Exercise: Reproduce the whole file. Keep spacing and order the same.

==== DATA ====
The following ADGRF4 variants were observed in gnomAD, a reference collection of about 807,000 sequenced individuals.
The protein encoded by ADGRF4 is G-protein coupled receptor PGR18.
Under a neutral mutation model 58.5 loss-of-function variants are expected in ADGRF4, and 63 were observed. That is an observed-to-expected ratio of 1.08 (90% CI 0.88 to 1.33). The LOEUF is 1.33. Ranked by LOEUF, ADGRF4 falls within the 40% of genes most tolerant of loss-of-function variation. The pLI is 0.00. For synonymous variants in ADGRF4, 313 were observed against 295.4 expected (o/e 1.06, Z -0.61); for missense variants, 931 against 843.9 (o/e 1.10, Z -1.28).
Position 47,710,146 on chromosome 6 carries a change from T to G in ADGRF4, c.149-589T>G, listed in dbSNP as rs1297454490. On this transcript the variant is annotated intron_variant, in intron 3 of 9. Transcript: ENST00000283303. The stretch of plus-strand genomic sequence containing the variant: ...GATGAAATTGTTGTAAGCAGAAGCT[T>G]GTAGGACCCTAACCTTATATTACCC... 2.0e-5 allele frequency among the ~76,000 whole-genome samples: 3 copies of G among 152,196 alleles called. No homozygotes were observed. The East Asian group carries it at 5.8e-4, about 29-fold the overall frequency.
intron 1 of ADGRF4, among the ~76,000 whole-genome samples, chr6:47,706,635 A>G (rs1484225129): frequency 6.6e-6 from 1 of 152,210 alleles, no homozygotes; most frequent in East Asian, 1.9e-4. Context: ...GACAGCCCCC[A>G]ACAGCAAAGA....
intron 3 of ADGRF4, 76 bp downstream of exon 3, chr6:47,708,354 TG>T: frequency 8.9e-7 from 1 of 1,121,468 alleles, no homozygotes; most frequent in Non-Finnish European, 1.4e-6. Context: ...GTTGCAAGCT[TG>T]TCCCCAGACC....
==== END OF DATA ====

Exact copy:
The following ADGRF4 variants were observed in gnomAD, a reference collection of about 807,000 sequenced individuals.
The protein encoded by ADGRF4 is G-protein coupled receptor PGR18.
Under a neutral mutation model 58.5 loss-of-function variants are expected in ADGRF4, and 63 were observed. That is an observed-to-expected ratio of 1.08 (90% CI 0.88 to 1.33). The LOEUF is 1.33. Ranked by LOEUF, ADGRF4 falls within the 40% of genes most tolerant of loss-of-function variation. The pLI is 0.00. For synonymous variants in ADGRF4, 313 were observed against 295.4 expected (o/e 1.06, Z -0.61); for missense variants, 931 against 843.9 (o/e 1.10, Z -1.28).
Position 47,710,146 on chromosome 6 carries a change from T to G in ADGRF4, c.149-589T>G, listed in dbSNP as rs1297454490. On this transcript the variant is annotated intron_variant, in intron 3 of 9. Transcript: ENST00000283303. The stretch of plus-strand genomic sequence containing the variant: ...GATGAAATTGTTGTAAGCAGAAGCT[T>G]GTAGGACCCTAACCTTATATTACCC... 2.0e-5 allele frequency among the ~76,000 whole-genome samples: 3 copies of G among 152,196 alleles called. No homozygotes were observed. The East Asian group carries it at 5.8e-4, about 29-fold the overall frequency.
intron 1 of ADGRF4, among the ~76,000 whole-genome samples, chr6:47,706,635 A>G (rs1484225129): frequency 6.6e-6 from 1 of 152,210 alleles, no homozygotes; most frequent in East Asian, 1.9e-4. Context: ...GACAGCCCCC[A>G]ACAGCAAAGA....
intron 3 of ADGRF4, 76 bp downstream of exon 3, chr6:47,708,354 TG>T: frequency 8.9e-7 from 1 of 1,121,468 alleles, no homozygotes; most frequent in Non-Finnish European, 1.4e-6. Context: ...GTTGCAAGCT[TG>T]TCCCCAGACC....